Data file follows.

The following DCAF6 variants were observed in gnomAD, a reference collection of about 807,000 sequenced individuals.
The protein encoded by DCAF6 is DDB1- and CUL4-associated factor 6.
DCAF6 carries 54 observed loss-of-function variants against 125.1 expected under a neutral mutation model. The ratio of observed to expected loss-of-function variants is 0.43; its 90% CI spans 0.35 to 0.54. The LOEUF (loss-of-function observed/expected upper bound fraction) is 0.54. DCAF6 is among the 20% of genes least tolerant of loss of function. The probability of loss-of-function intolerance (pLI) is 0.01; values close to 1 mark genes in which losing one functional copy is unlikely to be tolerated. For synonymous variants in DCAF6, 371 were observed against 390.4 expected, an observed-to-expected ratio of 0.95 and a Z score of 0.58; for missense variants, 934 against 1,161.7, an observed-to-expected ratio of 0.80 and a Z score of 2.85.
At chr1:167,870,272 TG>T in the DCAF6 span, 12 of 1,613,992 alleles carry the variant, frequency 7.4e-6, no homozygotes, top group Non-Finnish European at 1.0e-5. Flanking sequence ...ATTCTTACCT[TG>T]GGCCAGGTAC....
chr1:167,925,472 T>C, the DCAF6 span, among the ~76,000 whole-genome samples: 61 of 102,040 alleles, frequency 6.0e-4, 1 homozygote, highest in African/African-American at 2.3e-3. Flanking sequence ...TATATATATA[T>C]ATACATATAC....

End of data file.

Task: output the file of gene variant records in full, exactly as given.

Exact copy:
The following DCAF6 variants were observed in gnomAD, a reference collection of about 807,000 sequenced individuals.
The protein encoded by DCAF6 is DDB1- and CUL4-associated factor 6.
DCAF6 carries 54 observed loss-of-function variants against 125.1 expected under a neutral mutation model. The ratio of observed to expected loss-of-function variants is 0.43; its 90% CI spans 0.35 to 0.54. The LOEUF (loss-of-function observed/expected upper bound fraction) is 0.54. DCAF6 is among the 20% of genes least tolerant of loss of function. The probability of loss-of-function intolerance (pLI) is 0.01; values close to 1 mark genes in which losing one functional copy is unlikely to be tolerated. For synonymous variants in DCAF6, 371 were observed against 390.4 expected, an observed-to-expected ratio of 0.95 and a Z score of 0.58; for missense variants, 934 against 1,161.7, an observed-to-expected ratio of 0.80 and a Z score of 2.85.
At chr1:167,870,272 TG>T in the DCAF6 span, 12 of 1,613,992 alleles carry the variant, frequency 7.4e-6, no homozygotes, top group Non-Finnish European at 1.0e-5. Flanking sequence ...ATTCTTACCT[TG>T]GGCCAGGTAC....
chr1:167,925,472 T>C, the DCAF6 span, among the ~76,000 whole-genome samples: 61 of 102,040 alleles, frequency 6.0e-4, 1 homozygote, highest in African/African-American at 2.3e-3. Flanking sequence ...TATATATATA[T>C]ATACATATAC....